People are also sceptical of arts organisations’ need for support, as some find it difficult to distinguish between arts organisations and projects that are for profit and those that are not. As prominent galleries and large museums own expensive artwork, this results in individuals thinking that such organisations do not need their small donations. People fail to see how their voluntary giving can make a difference to these institutions. Such perceptions then spill over to other, smaller types of arts and crafts organisations, negatively affecting potential donors’ intentions to give to contemporary arts and crafts.
A challenge which is more specific to smaller arts and crafts organisations is the lack of awareness of such organisations. In many ways, the key message is that audience development and social engagement go hand-in-hand with fundraising from the general public. People want clarity around arts organisations’ specific needs, how their donation money will be spent by these organisations, the difference their donations can make, and stories of prior impact that go beyond stakeholder engagement. People are actually positive about supporting local arts organisations, but they need prior knowledge of, and involvement with, these arts NGOs.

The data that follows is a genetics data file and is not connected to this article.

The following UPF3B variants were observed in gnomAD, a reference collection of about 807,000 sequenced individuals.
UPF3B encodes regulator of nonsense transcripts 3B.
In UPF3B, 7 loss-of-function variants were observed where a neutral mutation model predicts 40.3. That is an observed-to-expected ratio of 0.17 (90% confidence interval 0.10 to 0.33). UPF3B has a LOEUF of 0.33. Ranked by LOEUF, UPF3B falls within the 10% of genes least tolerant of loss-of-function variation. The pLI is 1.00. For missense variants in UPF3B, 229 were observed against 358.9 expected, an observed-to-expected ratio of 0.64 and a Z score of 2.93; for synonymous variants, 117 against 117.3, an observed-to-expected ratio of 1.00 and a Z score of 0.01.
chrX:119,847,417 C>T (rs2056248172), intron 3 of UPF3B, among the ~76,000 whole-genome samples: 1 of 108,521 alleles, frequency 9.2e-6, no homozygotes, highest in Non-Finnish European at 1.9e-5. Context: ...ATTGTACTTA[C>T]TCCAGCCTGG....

What our research has made clear is that, whatever the fundraising activity, point-of-contact communication must signal clearly the need for support. Without a direct ask message – and without an immediate means to give – potential donors will not know of the need for support or how to give. This seems obvious, but for many non-profit arts organisations it goes against the grain. Direct ask messages are often a new, risky and uncomfortable step for many.
At an organisational level, communication about the need for support must show, rather than tell, the success stories of artists, exhibitions and other stakeholder beneficiaries. Fundraising messages must be crafted in ways that minimise crowding out effects; in ways that are authentic to each organisation.
Many are the challenges involved in attracting funds from the general public at a regional and local level. While it is possible for arts NGOs outside London to develop such a fundraising stream, we require awareness raising and a shift in our everyday voluntary giving thinking and culture. This will need to be driven by a sector-wide effort, signalling to our society that arts and crafts organisations are as important, valuable and worthy as any other organisation in the non-profit sector.
This research project was commissioned by Craftspace as part of their Catalyst Evolve Consortium 2016-2019, funded by Arts Council England (ACE). The full paper is accepted for publication at Sociology and its pre-print version is available from PURE. The full report is available from Craftspace upon request.